Ursa Mini Pro 4.6K field report
Italian production company LMC Vision gives their take on Blackmagic's Ursa Mini Pro 4.6K
LMC Vision was founded by three partners, Junior Lucano, Alessandro Mattiolo and Vito Custodero. Initially getting their start in local broadcasting, they, like many others, have embraced the digital revolution, constantly adapting and evolving their working practices to incorporate the latest technological developments into their day-to-day.
Vito Custodero, LMC’s lead on broadcast, shares his thoughts on Blackmagic’s URSA Mini Pro, and offers some real world insights of the camera in action from a recent ENG job for SKY TG24 HD during the general election in Italy.
Taking the plunge
“Over the last eight years or so we’ve worked across almost every segment of the creative video space imaginable, and, at one point or another, with most camera solutions currently available in the market today. Typically we’d use RED and ARRI for high-end production and Sony for broadcast projects. Recently, however, we had capital available to invest in a new camera solution, and we decided to take a chance on one that was brand new to us - the URSA Mini Pro.
It is a highly versatile piece of hardware and doesn’t require much in the way of rigging or third party accessories to make it a usable camera
We’ve always been satisfied with the products we’ve used from Blackmagic Design, whether it was their I/O cards, or the Video Assist 4K for off board monitoring and recording. And yet we’ve been hesitant until now to invest in their cameras.
The decision to invest in the URSA Mini Pro was however ultimately driven by our desire to raise the overall quality of our productions and to do so without breaking the bank. That and the fact we realised just how versatile the URSA Mini Pro is, adaptable to the needs of a business which encompasses film and television, commercials and even ENG broadcast work.
It’s an incredibly mature camera from a technical point of view. You can readily modify the URSA Mini Pro for broadcast ENG work by using the B4 mount option, or switch to an EF/PL with zoom lenses for cine based work in ProRes. For shorts and commercial based work you have UHD in RAW 3:1 with an EF mount, or lossless film raw with a PL mount. And you can even control the camera remotely via Bluetooth, which is especially useful for users like us who frequently operate cameras on gimbals, cranes and steadicams.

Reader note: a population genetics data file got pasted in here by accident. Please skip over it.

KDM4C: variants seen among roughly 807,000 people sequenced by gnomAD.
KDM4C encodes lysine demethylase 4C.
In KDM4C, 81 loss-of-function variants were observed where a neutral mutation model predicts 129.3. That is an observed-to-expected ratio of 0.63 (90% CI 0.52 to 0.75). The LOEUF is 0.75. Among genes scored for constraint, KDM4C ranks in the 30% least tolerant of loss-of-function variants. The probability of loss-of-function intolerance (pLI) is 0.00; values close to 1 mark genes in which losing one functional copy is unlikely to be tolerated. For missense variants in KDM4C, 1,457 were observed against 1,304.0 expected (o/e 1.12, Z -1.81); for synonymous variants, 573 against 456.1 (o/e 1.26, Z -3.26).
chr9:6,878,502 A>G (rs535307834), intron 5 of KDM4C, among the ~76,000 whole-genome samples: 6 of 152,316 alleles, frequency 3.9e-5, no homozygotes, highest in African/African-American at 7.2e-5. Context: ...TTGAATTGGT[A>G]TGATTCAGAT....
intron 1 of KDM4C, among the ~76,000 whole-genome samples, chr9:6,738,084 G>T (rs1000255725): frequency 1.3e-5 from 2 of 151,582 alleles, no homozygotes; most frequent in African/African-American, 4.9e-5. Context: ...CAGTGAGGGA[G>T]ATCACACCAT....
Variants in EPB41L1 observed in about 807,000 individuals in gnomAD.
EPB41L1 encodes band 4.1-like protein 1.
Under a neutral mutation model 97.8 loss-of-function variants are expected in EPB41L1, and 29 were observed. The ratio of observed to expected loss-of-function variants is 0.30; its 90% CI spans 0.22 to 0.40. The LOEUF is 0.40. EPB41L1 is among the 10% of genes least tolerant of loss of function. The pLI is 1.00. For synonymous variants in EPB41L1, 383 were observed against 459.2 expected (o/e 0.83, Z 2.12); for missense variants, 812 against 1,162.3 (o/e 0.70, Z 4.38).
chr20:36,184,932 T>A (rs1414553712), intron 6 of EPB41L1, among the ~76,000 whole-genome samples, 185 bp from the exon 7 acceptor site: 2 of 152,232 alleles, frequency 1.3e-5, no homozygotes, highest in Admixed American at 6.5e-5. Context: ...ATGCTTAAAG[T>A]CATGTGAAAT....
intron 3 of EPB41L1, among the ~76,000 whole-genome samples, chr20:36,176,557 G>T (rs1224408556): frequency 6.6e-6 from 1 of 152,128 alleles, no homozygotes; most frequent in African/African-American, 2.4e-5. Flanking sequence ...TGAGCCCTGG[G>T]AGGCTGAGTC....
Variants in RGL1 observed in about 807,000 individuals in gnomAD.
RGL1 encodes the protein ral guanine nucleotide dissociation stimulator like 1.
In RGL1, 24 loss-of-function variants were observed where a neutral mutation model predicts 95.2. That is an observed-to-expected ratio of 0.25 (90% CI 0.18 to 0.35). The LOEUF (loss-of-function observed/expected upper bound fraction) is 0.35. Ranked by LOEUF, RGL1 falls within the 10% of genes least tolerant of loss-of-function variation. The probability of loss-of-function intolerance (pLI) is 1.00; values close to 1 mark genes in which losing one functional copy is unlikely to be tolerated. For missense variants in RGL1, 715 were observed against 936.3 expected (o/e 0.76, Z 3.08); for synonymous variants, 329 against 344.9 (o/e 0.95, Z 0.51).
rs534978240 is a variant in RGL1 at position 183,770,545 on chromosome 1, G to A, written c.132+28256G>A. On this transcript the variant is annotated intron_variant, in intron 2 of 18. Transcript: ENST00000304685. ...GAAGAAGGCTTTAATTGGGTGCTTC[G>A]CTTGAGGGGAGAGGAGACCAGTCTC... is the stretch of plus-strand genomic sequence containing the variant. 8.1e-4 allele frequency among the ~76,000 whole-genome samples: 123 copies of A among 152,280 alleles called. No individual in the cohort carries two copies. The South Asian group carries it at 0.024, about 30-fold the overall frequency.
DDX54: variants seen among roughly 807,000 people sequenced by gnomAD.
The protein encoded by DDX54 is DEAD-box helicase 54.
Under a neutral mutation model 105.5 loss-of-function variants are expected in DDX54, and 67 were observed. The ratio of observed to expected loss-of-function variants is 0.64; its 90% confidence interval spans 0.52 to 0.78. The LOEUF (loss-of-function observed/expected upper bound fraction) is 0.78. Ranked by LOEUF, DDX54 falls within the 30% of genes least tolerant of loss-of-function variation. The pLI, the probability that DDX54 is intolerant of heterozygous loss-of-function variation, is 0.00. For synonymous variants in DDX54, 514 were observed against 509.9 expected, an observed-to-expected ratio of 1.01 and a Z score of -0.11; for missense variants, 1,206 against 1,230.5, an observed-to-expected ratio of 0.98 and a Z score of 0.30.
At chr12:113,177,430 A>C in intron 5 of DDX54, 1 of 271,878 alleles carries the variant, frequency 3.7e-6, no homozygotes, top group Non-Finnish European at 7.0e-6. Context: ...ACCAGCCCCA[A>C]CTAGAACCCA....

Comparing the camera with the likes of the C300 MKII, FS7 or Red Dragon we felt the dynamic range was truly exceptional, and the RAW files are incredibly robust. And while it may struggle in some lighting scenarios for ENG, it does indeed win in almost every other department when you factor in the price point.
One aspect of the camera that has impressed us, in particular, is the visually lossless 3:1 raw
As I’ve already mentioned, it is a highly versatile piece of hardware and doesn’t require much in the way of rigging or third party accessories to make it a usable camera. That is always a consideration for us when we look at investing in a camera as you don’t want to have to spend thousands more to make a camera workable.
The URSA Mini Pro is a nicely balanced piece of kit with the simple addition of Blackmagic’s shoulder kit and the URSA OLED viewfinder. The addition of external controls on the URSA Mini Pro also means core functionality is more readily accessible, which makes for a much better shooting experience. And when you remove all of the accessories, it’s very light at 2kg, which is a must if you want to use on a gimbal or Steadicam crane.
One aspect of the camera that has impressed us, in particular, is the visually lossless 3:1 raw, especially when filming outdoors with high levels of light. The way it preserves highlight detail is awe-inspiring. But perhaps best of all is just how simple and easy to use the camera’s UI is - it’s clean, and features aren’t buried behind lots of sub-menus.
Recently we used the URSA Mini Pro on an ENG gig for SKY TG24 HD, providing regional coverage of the general election here in Italy. Paired with a Comrex uplink backpack, we shot in 1920 x 1080p50 and then converted to 50i output for live transmission (TX) via a 4G streaming bridge.
We tested the cameras two different colour spaces: the first being film mode with an output LUT and some sharpening applied. We were impressed; however, we ultimately felt film mode was a little too soft for broadcast work in Italy, and so we went with video mode instead. The final image stood head and shoulders above anything else we saw that night on Sky's election coverage.
The LUT we created using DaVinci Resolve and a MacBook Pro following a few internal camera tests ahead of the broadcast. I would, however, love to have the ability to simply tweak LUTs in-camera, like fine tuning contrast or gamma levels for example.
Our initial plan had been to monitor audio in-camera using a set of headphones connected to the via the URSA Mini Pro’s XLR inputs. Unfortunately, we encountered a small delay between the video and audio signals. It wasn’t much, but enough that we decided to mount a Video Assist 4K and monitored audio from our recorded output instead. It is still early days, but we’ve certainly been impressed by what we’ve seen in the latest camera offering from Blackmagic Design.”